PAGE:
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This young entrepreneur shares the 3-step strategy she uses to banish self-doubt

Photo courtes Sabena Suri

Photo courtes Sabena Suri

by Nina Zipkin
When Sabena Suri, then 24 years old, couldn’t visit a friend who had been hospitalized, Suri and two other friends assembled a get-well care package complete with cozy socks, a notebook, tea and a mug and her favorite book. The act inspired the idea for BOXFOX, a platform that provides customers with the tools to build unique and personalized gifts.
Three years after the women quit their jobs to run the business full time, BOXFOX’s services now include hand-selected gifts for everything from baby showers to weddings. The service ships across the world.
The now 28-year-old COO shared that she and her co-founders have been able to triple consumer sales every year since its launch, and are on track to hit $6.6 million in revenue by the end of 2018.
One in four people who use BOXFOX are repeat customers, according to the company, and it has corporate accounts with big name brands including Airbnb, Drybar, Fandango and Southwest Airlines. Its team has grown to 12, with five more new hires joining in the coming months.
More than figuring out how to craft the perfect gift and giving herself a crash course on the ins and outs of international shipping, Suri says that one of the most rewarding elements of growing this business has been connecting with other women with similar goals.
“As young female entrepreneurs, we started a company in a world where both of those qualities [can be] perceived as two strikes against us,” Suri tells Entrepreneur. “It took [finding] a lot of strength within myself and my two co-founders to know our worth and the value that being young and female actually brought to the table. By building this company [we hope that] we are starting to pave the way for other young women as well.”
Suri shared her insights about how to bolster your confidence and write your own rule book.
Q: Can you tell me about a time that you needed to create an opportunity for yourself or others?
When we first started BOXFOX, a lot of times it felt like [people thought] we were creating this concept because we were women. Gifting is [sometimes seen] as this cutesy concept. But we knew that this company was bringing an important service to people’s lives. We knew that it wasn’t just a cute concept — it was scalable.
Maintaining the vision of why we were starting this and understanding that people might have wanted to put us in a certain category or think about us as a certain type of entrepreneur, we knew that we were going to have to fight against that and prove that that wasn’t the case. This was much more important and much bigger of an opportunity than just starting a cute little company.
Q: What was at stake for you? Did this experience change how you think about leadership?
For any entrepreneur building a business, what’s at stake as a leader is failure. That can be defined as not living up to the potential that you’ve identified for your company and what you dream that it will become. As young female entrepreneurs, those stakes feel even higher. We want this business to succeed from a financial standpoint. We all quit our full-time jobs to pursue this. I believe so strongly in the concept. But we also feel we’ve got a lot more to prove. The success of this business will hopefully inspire other women to follow in our footsteps and go after what they really want.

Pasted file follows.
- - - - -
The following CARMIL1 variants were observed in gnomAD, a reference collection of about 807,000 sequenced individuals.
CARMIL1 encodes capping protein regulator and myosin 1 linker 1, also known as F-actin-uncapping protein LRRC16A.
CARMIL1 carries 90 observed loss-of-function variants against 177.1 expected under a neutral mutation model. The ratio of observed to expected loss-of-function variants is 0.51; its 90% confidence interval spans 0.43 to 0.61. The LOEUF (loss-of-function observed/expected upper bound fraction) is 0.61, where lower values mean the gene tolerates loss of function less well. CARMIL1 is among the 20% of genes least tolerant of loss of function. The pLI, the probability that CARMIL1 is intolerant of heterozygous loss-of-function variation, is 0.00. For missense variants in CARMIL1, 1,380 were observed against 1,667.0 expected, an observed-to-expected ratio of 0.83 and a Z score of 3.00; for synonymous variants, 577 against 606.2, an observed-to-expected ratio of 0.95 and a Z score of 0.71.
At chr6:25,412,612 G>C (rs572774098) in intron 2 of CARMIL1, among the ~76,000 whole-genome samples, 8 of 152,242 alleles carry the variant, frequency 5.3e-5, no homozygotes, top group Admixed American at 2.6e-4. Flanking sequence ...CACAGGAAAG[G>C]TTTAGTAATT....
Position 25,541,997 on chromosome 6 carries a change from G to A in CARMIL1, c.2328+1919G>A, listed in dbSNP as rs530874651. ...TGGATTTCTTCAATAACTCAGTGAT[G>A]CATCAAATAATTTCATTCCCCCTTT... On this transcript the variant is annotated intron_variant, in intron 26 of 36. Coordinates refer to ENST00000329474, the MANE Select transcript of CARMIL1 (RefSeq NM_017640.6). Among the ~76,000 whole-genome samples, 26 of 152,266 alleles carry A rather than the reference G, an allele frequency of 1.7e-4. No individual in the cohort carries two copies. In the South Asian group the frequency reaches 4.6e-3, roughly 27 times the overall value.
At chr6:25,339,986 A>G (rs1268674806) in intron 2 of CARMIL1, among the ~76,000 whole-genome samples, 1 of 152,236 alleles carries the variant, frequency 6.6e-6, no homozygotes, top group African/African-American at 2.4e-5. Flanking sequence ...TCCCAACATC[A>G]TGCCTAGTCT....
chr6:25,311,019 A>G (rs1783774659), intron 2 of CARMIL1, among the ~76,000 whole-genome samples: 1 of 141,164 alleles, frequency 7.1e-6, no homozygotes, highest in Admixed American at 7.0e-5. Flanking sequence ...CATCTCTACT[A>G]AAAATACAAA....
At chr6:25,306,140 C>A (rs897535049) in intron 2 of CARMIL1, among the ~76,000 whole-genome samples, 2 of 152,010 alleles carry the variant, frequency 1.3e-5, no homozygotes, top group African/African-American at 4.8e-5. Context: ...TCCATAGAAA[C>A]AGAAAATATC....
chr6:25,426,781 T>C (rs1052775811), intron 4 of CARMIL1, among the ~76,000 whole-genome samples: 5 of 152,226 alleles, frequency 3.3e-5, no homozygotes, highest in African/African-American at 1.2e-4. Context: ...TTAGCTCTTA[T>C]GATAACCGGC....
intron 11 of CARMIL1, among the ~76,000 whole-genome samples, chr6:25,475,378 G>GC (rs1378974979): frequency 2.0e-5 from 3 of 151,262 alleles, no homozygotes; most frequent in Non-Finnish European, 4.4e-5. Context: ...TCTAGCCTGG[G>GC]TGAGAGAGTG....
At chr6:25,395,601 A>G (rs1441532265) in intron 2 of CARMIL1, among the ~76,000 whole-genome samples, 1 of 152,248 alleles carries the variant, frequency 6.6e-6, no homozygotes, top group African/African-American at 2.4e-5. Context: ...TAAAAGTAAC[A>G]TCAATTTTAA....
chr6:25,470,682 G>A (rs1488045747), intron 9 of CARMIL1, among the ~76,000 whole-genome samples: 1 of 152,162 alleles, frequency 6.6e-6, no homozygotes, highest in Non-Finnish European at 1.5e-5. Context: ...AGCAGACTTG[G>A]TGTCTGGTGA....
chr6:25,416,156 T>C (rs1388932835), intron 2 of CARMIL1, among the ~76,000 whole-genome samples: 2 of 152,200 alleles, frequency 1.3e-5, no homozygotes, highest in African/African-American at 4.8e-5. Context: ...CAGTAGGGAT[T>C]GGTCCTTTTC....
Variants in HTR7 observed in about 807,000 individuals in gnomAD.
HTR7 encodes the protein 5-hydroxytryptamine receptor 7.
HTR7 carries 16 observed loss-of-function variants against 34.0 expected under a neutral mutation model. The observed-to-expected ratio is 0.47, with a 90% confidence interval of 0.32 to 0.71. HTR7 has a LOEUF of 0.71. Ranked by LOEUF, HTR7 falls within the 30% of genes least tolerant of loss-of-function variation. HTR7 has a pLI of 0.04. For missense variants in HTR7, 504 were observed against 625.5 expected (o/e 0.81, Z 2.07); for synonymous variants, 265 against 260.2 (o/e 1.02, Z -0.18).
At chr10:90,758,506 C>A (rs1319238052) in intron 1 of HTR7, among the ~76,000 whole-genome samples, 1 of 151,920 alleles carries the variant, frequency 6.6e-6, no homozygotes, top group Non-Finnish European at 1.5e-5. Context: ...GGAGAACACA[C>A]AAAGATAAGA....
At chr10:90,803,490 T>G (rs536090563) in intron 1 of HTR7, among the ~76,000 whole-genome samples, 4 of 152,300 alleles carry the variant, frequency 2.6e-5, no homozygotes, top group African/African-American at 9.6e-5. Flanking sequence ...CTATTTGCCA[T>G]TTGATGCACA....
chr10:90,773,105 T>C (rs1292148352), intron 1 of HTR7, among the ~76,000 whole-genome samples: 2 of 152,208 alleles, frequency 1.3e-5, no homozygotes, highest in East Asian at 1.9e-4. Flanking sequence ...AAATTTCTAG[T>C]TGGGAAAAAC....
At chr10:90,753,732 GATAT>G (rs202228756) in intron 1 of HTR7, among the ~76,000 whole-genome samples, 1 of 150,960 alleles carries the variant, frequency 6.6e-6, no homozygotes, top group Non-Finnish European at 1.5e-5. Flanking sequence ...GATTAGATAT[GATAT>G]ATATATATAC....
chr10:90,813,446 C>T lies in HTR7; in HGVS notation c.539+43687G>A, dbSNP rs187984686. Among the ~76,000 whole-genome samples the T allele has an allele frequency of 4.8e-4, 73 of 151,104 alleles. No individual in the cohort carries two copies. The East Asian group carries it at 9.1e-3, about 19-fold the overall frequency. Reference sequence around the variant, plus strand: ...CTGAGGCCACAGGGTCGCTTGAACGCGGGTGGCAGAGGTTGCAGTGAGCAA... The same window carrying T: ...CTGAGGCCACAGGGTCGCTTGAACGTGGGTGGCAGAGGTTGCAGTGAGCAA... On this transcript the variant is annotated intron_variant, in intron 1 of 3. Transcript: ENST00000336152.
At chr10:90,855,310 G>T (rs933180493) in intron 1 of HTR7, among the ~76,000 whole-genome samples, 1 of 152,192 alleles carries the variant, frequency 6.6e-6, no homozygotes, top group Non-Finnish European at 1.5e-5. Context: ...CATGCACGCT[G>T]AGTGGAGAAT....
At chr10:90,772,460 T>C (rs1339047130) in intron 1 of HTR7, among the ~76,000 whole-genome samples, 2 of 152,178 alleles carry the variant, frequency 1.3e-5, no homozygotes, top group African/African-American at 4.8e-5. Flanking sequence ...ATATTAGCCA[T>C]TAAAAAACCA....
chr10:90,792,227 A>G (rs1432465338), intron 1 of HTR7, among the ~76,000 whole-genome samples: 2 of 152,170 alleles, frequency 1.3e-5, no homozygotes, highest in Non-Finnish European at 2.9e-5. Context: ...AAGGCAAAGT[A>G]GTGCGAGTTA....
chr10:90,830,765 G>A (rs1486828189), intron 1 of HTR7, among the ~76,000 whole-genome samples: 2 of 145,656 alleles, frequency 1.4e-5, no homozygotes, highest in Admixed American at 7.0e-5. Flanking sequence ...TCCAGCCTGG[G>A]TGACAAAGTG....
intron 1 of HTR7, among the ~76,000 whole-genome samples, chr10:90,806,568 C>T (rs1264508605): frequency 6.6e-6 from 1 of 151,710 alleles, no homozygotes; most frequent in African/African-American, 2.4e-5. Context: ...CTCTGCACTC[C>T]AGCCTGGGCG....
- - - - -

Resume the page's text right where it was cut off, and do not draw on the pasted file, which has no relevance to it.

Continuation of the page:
In terms of how this has changed how I think about leadership, it really gives me a purpose that feels greater than the granularity of the everyday life of being a business owner. One thing I do is really empower our employees to give me feedback constantly and ask for what they need from me. I want to always help give them the resources that are going to help them do better in their jobs.
Q: People who want to advocate for themselves don’t know always know how. What are actionable steps they can take to make themselves heard? What steps do you take?
The first one is information gathering. There’s so many resources to connect with people who might be in your exact same situation, whether that is a network [of people] or books or blogs or podcasts. In your moments of self-doubt and being unsure, having those resources can really help. Having strong mentors, especially other female entrepreneurs, helps me feel like I’m not alone. When I’m having a moment when I wonder if I’m good enough and how to advocate for myself, I write down all the things and accomplishments that I’ve brought to the table.
Putting pen to paper and saying here’s how I contribute every single day and here’s what I’ve brought to this company or this job or this situation. This is how you can build up this unwavering confidence that’s going to drive you forward and allow you to stay strong when you know you’re going to be facing something super difficult. When you’re marching into your boss’s office to ask for a raise or to an investor to ask funding or a manufacturer to get better pricing, you really just have to not take “no” for an answer. With those three steps you’ve equipped yourself with information and your own self-confidence and that feels like a really good combination. I find that never really fails. (-Entreprenuer)


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